Well, it depends on who you ask. On the one hand:
"There won't be anything dramatic," Sen. Royce West, D-Dallas (head of the Texas Democratic Party's committee looking into the issue), predicted.On the other:
"I'm a taxpayer; I am paying for that primary," (committee member and Clinton-supporter, Linda) Burgess said. "I don't care if it's the Republican Party, Democratic Party or Polka-Dotted Party. I don't want any party to change the outcome of any election I'm paying for."The argument here is over the controversial Texas Democratic primary-caucus system, or at least the caucus end of the structure. Advocates (and they seem to be Obama supporters) contend that the party building exercise that is the caucus is a worthwhile endeavor, but those with a negative view of the system (and they appear to be Clinton supporters) point toward the (un)representativeness of the caucus and the disproportionate impact in the delegate allocation.
Now, as I pointed out after last November's elections, the Texas Democratic Party was holding public hearings on the issue and the committee dealing with those is due to issue a report to the party's Executive Committee this summer. At that point a change may be made.
If I'm guessing, though, I'm going to have to side with Sen. West on this one. I just don't expect any fundamental changes. The longer caucus proponents -- and according to the Austin American-Statesman article there are plenty within the state party's power structure -- drag this thing out, the less salient an issue it becomes. Does anyone remember the tumult after Jesse Jackson beat 1988 Texas primary winner, Michael Dukakis, in the caucuses? The answer is no. Sure, that's because Jackson's win in the caucuses didn't overturn Dukakis' primary victory, but that actually strengthens the caucus proponents' argument here. That means that a close, almost tied nomination race is a requirement for this discrepancy to even be consequential. And we just don't see that happen that often.
The Texas Democratic Party is listening, but I don't think they'll do anything about the caucus. Let's be honest: Despite the talk about grassroots party building, the caucus was put in place -- much like the superdelegates at the national level -- to give the party a larger say in who got how many of the state's delegates. In the event, then, that there is a division between who the party wants as nominee and who the rank and file primary voters want, the party has a bit of an insurance policy. The party won't always win out, but if it is close enough the party will get its way.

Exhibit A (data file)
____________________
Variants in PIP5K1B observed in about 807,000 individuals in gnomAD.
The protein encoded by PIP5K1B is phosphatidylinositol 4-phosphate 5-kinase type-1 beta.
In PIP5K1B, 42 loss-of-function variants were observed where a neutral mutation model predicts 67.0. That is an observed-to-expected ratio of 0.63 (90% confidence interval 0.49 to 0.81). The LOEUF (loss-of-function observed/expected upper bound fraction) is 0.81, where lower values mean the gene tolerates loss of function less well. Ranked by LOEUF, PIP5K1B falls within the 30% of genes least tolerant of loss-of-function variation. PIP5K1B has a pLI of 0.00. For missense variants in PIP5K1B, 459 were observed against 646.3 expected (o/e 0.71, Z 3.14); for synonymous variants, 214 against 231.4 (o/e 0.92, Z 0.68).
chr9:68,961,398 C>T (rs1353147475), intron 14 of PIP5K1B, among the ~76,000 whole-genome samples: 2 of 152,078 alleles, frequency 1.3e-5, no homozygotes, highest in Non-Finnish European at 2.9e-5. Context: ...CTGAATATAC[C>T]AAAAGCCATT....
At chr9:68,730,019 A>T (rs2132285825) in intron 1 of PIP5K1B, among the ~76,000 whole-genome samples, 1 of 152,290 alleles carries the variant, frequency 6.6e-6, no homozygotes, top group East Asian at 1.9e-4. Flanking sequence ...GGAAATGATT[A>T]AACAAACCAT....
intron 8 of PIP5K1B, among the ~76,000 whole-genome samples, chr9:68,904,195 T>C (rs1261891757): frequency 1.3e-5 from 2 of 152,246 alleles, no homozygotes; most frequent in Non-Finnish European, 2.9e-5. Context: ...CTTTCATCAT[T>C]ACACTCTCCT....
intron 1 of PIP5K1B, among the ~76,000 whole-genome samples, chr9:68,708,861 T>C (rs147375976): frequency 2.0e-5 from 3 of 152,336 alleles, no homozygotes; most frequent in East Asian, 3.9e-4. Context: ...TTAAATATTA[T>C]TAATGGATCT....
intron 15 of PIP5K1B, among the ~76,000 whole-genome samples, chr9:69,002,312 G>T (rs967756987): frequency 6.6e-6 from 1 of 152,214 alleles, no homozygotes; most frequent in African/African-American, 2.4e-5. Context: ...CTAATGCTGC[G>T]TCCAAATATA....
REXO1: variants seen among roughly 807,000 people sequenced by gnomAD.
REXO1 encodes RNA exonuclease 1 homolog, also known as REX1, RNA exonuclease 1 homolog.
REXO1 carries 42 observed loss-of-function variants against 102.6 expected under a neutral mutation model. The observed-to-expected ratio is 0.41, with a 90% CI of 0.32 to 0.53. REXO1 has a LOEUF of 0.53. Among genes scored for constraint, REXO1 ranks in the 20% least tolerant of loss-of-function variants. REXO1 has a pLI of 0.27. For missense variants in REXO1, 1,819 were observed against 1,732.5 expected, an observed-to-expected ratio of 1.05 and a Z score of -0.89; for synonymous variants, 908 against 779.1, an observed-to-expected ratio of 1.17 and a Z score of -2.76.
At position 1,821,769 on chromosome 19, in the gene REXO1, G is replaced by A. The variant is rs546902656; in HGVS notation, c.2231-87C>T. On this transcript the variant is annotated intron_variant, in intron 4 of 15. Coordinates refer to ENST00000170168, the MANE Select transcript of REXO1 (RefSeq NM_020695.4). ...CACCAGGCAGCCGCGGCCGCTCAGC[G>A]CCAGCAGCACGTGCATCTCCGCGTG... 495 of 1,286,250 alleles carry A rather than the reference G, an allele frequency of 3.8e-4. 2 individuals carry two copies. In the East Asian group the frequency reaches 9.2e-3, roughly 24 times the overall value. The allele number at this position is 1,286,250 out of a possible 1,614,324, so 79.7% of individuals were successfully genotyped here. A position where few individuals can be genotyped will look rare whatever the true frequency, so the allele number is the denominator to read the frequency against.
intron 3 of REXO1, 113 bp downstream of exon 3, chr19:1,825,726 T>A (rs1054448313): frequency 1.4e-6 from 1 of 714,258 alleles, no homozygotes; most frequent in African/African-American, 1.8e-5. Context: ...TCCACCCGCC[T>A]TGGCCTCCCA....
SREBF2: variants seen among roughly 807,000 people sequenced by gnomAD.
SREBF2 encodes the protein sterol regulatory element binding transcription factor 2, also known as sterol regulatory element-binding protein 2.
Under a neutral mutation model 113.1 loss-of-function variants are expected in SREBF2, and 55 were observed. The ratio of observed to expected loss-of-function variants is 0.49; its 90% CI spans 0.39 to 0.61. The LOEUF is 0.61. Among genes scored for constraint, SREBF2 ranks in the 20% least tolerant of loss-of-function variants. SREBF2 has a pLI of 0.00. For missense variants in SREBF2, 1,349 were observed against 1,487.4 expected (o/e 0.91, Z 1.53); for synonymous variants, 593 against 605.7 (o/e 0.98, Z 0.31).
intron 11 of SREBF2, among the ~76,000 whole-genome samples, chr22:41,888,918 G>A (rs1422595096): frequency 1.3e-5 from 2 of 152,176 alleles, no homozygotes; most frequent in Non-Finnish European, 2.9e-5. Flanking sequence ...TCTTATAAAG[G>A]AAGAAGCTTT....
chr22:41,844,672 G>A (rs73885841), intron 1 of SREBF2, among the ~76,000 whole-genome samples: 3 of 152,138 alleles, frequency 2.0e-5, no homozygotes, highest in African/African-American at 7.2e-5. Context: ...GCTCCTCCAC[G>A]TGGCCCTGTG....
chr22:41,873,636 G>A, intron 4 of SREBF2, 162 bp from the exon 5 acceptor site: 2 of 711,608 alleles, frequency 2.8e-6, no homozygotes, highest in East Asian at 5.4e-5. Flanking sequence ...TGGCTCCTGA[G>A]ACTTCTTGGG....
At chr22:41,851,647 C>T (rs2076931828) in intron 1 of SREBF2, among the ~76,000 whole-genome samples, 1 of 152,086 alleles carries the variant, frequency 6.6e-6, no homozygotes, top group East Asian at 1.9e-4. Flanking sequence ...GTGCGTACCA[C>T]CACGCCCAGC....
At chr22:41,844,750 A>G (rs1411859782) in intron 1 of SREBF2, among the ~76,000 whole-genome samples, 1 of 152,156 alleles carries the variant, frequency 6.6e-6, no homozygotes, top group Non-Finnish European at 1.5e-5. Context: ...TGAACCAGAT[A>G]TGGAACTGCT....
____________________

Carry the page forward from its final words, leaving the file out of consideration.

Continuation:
All this draws on and expands upon a study I've cited in this space before. Scott Meinke, Jeffrey Staton and Steven Wuhs (gated) examined the effect the ideological convergence between state parties and potential primary/caucus voters has on how open a state's delegate selection event is. The idea, then is that the less those two groups converge ideologically, the less open the process will be (read: caucuses) and the more ideological overlap there is between citizens and state parties, the more open the process will be. Now, they were talking ideological convergence and what I'm discussing here is more candidate preference convergence. Yeah, those are pretty much the same thing, but in the case of Obama-Clinton, the underlying issue wasn't necessarily ideologically-based. That was a candidate-based division -- two candidates very similar ideologically.
So, will Texas Democrats make a change? I don't think so. If the party wants a caucus, the party will have a caucus. And it won't be a big deal in 2012 because Obama is likely going to be the only candidate on the ballot. In (uh, 1988, 2008), oh say, 2028 it might be a problem, but this Obama-Clinton thing will be ancient history by then.
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